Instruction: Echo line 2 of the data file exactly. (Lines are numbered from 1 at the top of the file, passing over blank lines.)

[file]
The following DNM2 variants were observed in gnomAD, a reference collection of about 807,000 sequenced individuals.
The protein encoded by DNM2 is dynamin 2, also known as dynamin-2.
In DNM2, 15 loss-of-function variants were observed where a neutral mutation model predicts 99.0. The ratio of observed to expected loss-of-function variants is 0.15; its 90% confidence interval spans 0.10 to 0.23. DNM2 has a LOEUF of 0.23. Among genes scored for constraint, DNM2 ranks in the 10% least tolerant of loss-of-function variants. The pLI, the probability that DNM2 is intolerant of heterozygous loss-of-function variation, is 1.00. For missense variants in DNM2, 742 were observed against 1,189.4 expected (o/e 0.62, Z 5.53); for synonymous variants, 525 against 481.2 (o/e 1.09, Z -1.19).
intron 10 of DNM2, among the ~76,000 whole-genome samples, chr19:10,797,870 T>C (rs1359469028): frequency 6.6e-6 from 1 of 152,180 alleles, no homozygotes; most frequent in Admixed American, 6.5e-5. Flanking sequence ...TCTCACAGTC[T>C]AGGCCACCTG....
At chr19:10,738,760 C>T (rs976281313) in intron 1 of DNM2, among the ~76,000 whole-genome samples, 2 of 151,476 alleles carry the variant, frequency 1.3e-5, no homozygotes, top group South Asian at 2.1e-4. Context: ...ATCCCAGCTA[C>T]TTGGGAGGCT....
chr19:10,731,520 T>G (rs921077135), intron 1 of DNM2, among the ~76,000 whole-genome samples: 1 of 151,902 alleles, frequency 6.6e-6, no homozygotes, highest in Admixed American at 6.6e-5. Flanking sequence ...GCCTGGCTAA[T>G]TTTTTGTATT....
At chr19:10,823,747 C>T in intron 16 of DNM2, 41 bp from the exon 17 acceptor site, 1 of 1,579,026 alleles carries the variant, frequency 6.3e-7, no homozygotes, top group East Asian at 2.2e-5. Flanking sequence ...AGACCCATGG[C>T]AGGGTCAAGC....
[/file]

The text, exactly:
The protein encoded by DNM2 is dynamin 2, also known as dynamin-2.